The very first time, I'm writing an internet service which will make use of exterior programs to process demands in batch. The leading-finish need file uploads after which place these questions queue. The employees around the after sales will require that file, run it through ffmpeg and also the relaxation of my pipeline, and send a contact when the operation is complete.

I've my after sales process focusing on my computer (Ubuntu 10.04). Now you ask ,: must i attempt to re-create that pipeline using binaries that I have put together on your own? Or perhaps is it okay to make use of apt when setting up within the Real Life?

Not every hosts uses Ubuntu, and never all produce root access. (I've not selected a number yet.) However, they'll allow me to upload binaries to complete, and several produce spend access with gcc.

Usually this is a no-brainier and I'd compile everything on your own. But doing this - as well as trying to puzzle out how to produce a platform-independent .tar.gz binary - is going to be a significant task which ultimately does not help much me ship my product.

Have you got any ideas on the easiest method to setup my stack to ensure that I am not associated with a particular host company? Must I try creating my very own .n, which consists of Ubuntu's version of ffmpeg (along with other tools) using the designs I want?

Lacking a setup where I manage my very own servers/VMs (which might actually be what I must do), how might I make this happen?

Now you ask ,: must i attempt to re-create that pipeline using binaries that I have put together on your own? Or perhaps is it okay to make use of apt when setting up within the Real Life?

It's backwards: it's not okay to deploy unpackaged within the Real Life IMHO

and never all produce root access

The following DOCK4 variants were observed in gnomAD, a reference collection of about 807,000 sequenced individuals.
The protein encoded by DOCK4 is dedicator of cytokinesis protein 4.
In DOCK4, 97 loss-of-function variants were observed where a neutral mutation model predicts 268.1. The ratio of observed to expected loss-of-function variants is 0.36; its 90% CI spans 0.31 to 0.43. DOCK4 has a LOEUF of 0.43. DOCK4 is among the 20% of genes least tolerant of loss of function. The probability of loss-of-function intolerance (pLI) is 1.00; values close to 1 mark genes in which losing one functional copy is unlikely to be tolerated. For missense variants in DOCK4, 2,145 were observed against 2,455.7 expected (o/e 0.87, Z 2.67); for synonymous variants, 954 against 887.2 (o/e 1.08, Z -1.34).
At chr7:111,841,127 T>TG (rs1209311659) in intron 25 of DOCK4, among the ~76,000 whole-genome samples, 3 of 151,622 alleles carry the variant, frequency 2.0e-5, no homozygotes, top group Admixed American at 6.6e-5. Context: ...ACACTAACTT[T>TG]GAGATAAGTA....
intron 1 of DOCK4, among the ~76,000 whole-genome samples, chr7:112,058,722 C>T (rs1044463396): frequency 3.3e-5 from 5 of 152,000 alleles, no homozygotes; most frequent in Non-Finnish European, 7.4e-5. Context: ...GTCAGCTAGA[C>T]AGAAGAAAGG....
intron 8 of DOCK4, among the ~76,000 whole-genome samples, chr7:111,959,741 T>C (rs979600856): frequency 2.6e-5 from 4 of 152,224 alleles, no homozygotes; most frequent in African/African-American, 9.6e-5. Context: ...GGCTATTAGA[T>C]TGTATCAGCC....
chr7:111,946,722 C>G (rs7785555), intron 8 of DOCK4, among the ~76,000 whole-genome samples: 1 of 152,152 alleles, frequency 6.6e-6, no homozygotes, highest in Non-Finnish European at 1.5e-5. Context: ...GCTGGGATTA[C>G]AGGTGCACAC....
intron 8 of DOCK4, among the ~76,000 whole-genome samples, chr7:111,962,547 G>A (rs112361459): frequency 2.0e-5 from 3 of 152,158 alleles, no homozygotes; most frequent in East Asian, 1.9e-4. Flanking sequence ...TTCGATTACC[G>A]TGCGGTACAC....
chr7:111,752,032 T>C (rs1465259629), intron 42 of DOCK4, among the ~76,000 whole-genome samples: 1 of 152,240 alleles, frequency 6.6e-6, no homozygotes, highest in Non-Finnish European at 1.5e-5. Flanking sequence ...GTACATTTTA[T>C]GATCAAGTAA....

How does one be implementing b .n without root access. Chroot jails?

But doing this - as well as trying to puzzle out how to produce a platform-independent .tar.gz binary - is going to be a significant task which ultimately does not help much me ship my product.

+1 You answer you have question. Don't meddle unless of course you need to.

Have you got any ideas on the easiest method to setup my stack to ensure that I am not associated with a particular host company?

Only rely on wellpackaged standard libs (for example ffmpeg). Otherwise include them in your deployment. This issue is not way too hard too solve for 10s of 1000 Linux programs over decades now, therefore it would most likely be achievable for you personally too.


As they are:

Take a look at rightscale along with other cloud companies/agents which have specialized images/tool chains specifically for video encoding.

A 'regular' VPS provider (with Xen or Virtuozzo) won't normally be pleased with most of these workload, but EC2, Rackspace as well as their lot is going to be absolutely fine with this. Generally, I wouldn't think that a cloud infrastructure provider that does not grant root access will permit computationally intensive workloads. $.02